Merce Cunningham. Changes: Notes on Choreography. 1968. Cloth over boards with dust jacket.

Ruth Krauss. There’s a Little Ambiguity Over There Among the Blue Bells. 1968. Cloth over boards with dust jacket.

Eugen Gomringer, trans. and ed. by Jerome Rothenberg. The Book of Hours and Constellations. 1968. Cloth over boards with dust jacket.

Diter Rot. 246 Little Clouds. 1968. Cloth over boards with dust jacket.

Gertrude Stein. Geography and Plays. 1968. Cloth over boards with dust jacket.

John Cage. Notations. Cloth over boards with dust jacket.

Dick Higgins. foew&ombwnw. 1969. Gilt-stamped leatherette covers with bound-in ribbon place marker. Issued without dust jacket.

Wolf Vostell and Dick Higgins, eds. Fantastic Architecture. 1970. Cloth over boards with dust jacket.

Gertrude Stein. Lucy Church Amiably. 1969. Cloth over boards with dust jacket.

Walter Gutman. The Gutman Letter. 1969. Cloth over boards with dust jacket.

Henry Cowell. New Musical Resources. 1969. Cloth over boards with dust jacket.

R. [Richard] Meltzer. The Aesthetics of Rock. 1970. Cloth over boards with dust jacket.

Daniel Spoerri, trans. and ann. by Emmett Williams. The Mythological Travels…. 1970. Cloth over boards with mylar jacket.

Ernest M. Robson. Thomas Onetwo. 1971. Paper over boards with acetate dust jacket.

Ian Hamilton Finlay and Gordon Huntly. A Sailor’s Calendar. 1971. Ring bound stiff wrappers.

Bern Porter. I’ve Left. 1971. Cloth over boards with dust jacket.

Bern Porter. Found Poems. 1972. Wrappers.

Jackson Mac Low. Stanzas for Iris Lezak. 1971. Cloth over boards with dust jacket and belly band.

Toby MacLennan. 1 Walked out of 2 and Forgot It. 1972. Cloth over boards with dust jacket.

Gertrude Stein. Matisse Picasso and Gertrude Stein. 1972. Cloth over boards with dust jacket.

Gertrude Stein. How to Write. 1973. Cloth over boards with dust jacket.

Gertrude Stein. A Book Concluding With as a Wife Has a Cow. 1974. Wrappers.

Geoff Hendricks. Ring Piece. 1973. Wrappers.

Dick Higgins. A Book About Love & War & Death. 1972 (released in 1973). Cloth over boards with dust jacket.

Richard Kostelanetz, ed. Breakthrough Fictioneers. 1973. Cloth over boards with dust jacket.

Emmett Williams. A Valentine for Noël. 1973. Wrappers with dust jacket.

Peter Finch, ed. Typewriter Poems. 1972. Wrappers. (Co-published with Second Aeon Press. Edition largely suppressed.)

Leon Katz. The Making of Americans. 1973. Cloth over boards with dust jacket.

Charles McIlvaine and Robert K. MacAdam. One Thousand American Fungi. 1973. Cloth over boards with dust jacket.

Cary Sher. The Ten Week Garden. 1973. Wrappers.

John Giorno. Cancer in My Left Ball. 1973. Cloth over boards with dust jacket.

Jan Herman, ed. Something Else Yearbook. 1974. Wrappers.

Brion Gysin, Jan Herman, ed. with contributions by William Burroughs and Ian Somerville. Brion Gysin Let the Mice In. 1973. Cloth over boards with dust jacket.

Manford L. Eaton. Bio-Music. 1974. Wrappers.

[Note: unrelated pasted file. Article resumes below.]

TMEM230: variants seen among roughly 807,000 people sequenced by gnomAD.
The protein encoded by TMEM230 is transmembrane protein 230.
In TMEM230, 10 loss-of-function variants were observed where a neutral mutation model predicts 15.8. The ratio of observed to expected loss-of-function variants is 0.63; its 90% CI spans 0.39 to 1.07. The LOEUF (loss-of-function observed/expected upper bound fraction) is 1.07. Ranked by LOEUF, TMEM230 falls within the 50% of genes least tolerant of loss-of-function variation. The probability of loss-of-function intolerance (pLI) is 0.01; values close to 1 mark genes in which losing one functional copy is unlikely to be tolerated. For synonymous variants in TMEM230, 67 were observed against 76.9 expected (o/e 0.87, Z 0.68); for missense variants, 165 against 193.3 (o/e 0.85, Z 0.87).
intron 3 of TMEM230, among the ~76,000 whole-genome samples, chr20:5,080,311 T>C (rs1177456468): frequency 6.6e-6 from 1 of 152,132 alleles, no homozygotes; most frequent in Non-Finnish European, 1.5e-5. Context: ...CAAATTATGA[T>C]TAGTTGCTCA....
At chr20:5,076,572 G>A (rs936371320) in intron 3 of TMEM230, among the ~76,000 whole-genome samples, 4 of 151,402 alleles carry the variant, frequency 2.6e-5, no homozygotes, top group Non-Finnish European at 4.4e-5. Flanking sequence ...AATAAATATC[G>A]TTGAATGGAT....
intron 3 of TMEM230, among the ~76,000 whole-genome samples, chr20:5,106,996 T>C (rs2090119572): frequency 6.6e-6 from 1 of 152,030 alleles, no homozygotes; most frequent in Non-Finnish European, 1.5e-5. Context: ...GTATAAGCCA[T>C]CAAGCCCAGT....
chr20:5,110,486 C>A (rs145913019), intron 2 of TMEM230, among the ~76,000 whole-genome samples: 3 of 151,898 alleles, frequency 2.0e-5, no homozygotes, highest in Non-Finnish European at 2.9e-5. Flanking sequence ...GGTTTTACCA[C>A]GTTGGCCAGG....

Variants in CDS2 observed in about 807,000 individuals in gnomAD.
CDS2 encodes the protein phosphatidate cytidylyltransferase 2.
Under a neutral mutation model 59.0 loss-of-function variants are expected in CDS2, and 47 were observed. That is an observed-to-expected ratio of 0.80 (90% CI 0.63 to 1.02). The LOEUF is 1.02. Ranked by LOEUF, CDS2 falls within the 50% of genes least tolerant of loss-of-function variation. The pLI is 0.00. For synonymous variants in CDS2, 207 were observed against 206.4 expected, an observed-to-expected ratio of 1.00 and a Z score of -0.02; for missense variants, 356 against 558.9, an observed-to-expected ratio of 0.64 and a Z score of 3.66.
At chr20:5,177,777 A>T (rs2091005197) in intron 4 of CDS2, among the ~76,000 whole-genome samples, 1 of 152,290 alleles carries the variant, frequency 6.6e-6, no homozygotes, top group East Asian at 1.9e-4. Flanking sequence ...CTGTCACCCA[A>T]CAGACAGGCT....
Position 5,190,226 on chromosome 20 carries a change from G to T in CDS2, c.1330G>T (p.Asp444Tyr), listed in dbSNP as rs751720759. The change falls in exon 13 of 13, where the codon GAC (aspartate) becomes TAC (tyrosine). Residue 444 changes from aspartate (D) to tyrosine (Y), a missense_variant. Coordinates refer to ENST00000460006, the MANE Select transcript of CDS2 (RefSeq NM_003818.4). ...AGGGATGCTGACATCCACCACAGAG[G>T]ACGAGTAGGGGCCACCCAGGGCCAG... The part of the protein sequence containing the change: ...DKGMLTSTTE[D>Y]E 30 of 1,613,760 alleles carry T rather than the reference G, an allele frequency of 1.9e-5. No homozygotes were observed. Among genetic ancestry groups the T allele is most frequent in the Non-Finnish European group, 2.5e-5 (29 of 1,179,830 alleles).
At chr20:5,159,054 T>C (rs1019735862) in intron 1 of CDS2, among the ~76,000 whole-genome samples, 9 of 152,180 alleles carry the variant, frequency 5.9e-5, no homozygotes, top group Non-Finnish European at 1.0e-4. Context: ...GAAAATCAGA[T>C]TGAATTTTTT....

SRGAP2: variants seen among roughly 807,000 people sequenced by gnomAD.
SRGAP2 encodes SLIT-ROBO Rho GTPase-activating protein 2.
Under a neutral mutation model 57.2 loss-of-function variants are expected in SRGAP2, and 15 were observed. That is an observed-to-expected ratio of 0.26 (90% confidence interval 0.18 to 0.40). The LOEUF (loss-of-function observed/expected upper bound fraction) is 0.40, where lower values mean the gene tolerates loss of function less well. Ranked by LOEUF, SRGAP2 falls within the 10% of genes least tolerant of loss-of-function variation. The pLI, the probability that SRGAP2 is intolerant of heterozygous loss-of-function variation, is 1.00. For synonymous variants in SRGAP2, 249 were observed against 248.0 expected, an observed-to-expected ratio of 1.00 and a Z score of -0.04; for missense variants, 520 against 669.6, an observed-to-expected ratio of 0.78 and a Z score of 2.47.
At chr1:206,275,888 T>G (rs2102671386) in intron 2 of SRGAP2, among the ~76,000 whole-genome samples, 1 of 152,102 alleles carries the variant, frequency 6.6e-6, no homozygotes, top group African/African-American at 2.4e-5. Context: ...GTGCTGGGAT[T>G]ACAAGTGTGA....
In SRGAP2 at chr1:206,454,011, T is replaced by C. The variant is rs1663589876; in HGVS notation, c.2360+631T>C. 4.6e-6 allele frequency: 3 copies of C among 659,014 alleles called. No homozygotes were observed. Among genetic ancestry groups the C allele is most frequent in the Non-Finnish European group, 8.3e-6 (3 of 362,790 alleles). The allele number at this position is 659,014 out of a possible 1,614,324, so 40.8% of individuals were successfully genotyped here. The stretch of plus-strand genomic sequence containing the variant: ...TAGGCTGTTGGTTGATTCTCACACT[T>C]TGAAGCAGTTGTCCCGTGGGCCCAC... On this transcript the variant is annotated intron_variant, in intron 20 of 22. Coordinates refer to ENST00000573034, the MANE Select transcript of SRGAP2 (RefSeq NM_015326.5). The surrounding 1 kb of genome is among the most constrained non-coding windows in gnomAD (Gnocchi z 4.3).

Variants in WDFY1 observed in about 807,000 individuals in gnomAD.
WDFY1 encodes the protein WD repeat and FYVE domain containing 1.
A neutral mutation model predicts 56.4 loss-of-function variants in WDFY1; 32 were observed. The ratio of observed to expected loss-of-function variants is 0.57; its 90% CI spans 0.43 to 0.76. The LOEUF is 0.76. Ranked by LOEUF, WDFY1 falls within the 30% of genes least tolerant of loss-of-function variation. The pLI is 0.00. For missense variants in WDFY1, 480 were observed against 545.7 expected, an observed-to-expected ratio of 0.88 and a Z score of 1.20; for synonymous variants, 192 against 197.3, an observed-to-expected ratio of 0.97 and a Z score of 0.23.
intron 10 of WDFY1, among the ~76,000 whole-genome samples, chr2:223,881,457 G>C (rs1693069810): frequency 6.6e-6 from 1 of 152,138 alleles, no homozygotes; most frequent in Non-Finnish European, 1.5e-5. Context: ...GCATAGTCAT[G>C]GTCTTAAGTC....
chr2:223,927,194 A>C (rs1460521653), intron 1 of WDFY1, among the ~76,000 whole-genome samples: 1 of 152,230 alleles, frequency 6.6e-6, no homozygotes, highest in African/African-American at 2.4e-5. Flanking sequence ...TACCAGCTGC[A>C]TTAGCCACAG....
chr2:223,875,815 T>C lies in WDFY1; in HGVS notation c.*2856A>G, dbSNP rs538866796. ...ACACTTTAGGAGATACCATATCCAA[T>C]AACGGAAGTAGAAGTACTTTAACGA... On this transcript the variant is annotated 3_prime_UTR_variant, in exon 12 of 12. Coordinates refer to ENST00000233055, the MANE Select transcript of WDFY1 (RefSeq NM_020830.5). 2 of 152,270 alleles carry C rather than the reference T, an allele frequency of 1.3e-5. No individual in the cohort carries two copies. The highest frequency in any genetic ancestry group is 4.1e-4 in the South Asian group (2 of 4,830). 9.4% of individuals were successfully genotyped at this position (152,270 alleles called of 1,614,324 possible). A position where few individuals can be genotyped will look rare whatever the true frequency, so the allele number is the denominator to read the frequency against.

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Great Bear Pamphlets


All Great Bear Pamphlets are issued in stapled wrappers.

1. Alison Knowles. By Alison Knowles. 1965.

2. Dick Higgins. A Book About Love & War & Death, Canto One. 1965.

3. George Brecht. Chance-Imagery. 1966.

4. Claes Oldenburg. Injun & Other Histories. 1966.

5. Al Hansen. Incomplete Requiem for W.C. Fields. 1966.

6. Jerome Rothenberg. Ritual: A Book of Primitive Rites and Events. 1966.

7. Allan Kaprow. Some Recent Happenings. 1966.

8. Dick Higgins and Emmett Williams, eds. Manifestos. 1966.

9. Wolf Vostell. Berlin and Phenomena. 1966.

10. Jackson Mac Low. The Twin Plays. 1966.

11. John Cage. Diary: How to Improve the World (You Will Only Make Matters Worse) Continued, Part Three. 1967.

12. Bengt af Klintberg. The Cursive Scandinavian Salve. 1967.

13. David Antin. Autobiography. 1967.
 
14. Philip Corner. Popular Entertainments. 1967.

15. Robert Filliou. A Filliou Sampler. 1967.

16. Allan Kaprow. Untitled Essay and Other Works. 1967. Present in the Primary Information reprint edition.

17. Di(e)ter Rot(h). A Look Into the Blue Tide, Part 2. 1967.

18. Luigi Russolo. The Art of Noise. 1967. Present in the Primary Information reprint edition.

19. Emmett Williams. The Last French Fried Potato and Other Poems. 1967. Present in the Primary Information reprint edition.

20. Peter Besas, ed and trans. A Zaj Sampler. 1967.

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Other Publications

The Something Else Newsletter, vol. 1, nos. 1–11; vol. 2, nos. 2–3, 5; vol. 3, nos. 2–3. 1966–1983. Wrappers. Sixteen items.

Dick Higgins. Vostell’s T.O.T. 1972. Single page folded to make a 4-page pamphlet.

If You Haven’t Done It Twice You Really Haven’t Done It. 1974. Button.

Peter Frank. Something Else Press: An Annotated Bibliography. Documentext, 1983. Cloth over boards, issued without dust jacket.

Granary Books exhibition brochure for “Something Else Press: An Exhibition.” 1991. Wrappers. Includes an essay by Barbara Moore, “Some Things Else About Something Else” and a checklist of the press compiled by Steve Clay.

Camille Reports #3, n.d. Single sheet.

What to Look for in a Book—Physically. n.d. Single sheet.